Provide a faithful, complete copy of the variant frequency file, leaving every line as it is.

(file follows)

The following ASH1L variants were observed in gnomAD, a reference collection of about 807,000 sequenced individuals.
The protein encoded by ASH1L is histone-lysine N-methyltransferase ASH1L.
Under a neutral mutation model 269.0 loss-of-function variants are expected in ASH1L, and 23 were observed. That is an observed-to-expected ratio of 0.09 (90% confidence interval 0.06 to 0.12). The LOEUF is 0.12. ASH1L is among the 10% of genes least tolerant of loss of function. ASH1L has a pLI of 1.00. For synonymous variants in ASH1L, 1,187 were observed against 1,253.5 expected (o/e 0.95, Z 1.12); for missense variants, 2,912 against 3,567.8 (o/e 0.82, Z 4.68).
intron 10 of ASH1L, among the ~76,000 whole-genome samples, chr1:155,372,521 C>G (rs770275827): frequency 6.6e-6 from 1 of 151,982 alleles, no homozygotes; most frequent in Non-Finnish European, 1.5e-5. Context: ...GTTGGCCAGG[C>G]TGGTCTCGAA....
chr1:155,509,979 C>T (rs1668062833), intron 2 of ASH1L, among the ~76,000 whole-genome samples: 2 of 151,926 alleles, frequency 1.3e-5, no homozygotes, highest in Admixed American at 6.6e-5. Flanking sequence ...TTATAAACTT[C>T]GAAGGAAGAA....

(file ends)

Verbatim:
The following ASH1L variants were observed in gnomAD, a reference collection of about 807,000 sequenced individuals.
The protein encoded by ASH1L is histone-lysine N-methyltransferase ASH1L.
Under a neutral mutation model 269.0 loss-of-function variants are expected in ASH1L, and 23 were observed. That is an observed-to-expected ratio of 0.09 (90% confidence interval 0.06 to 0.12). The LOEUF is 0.12. ASH1L is among the 10% of genes least tolerant of loss of function. ASH1L has a pLI of 1.00. For synonymous variants in ASH1L, 1,187 were observed against 1,253.5 expected (o/e 0.95, Z 1.12); for missense variants, 2,912 against 3,567.8 (o/e 0.82, Z 4.68).
intron 10 of ASH1L, among the ~76,000 whole-genome samples, chr1:155,372,521 C>G (rs770275827): frequency 6.6e-6 from 1 of 151,982 alleles, no homozygotes; most frequent in Non-Finnish European, 1.5e-5. Context: ...GTTGGCCAGG[C>G]TGGTCTCGAA....
chr1:155,509,979 C>T (rs1668062833), intron 2 of ASH1L, among the ~76,000 whole-genome samples: 2 of 151,926 alleles, frequency 1.3e-5, no homozygotes, highest in Admixed American at 6.6e-5. Flanking sequence ...TTATAAACTT[C>T]GAAGGAAGAA....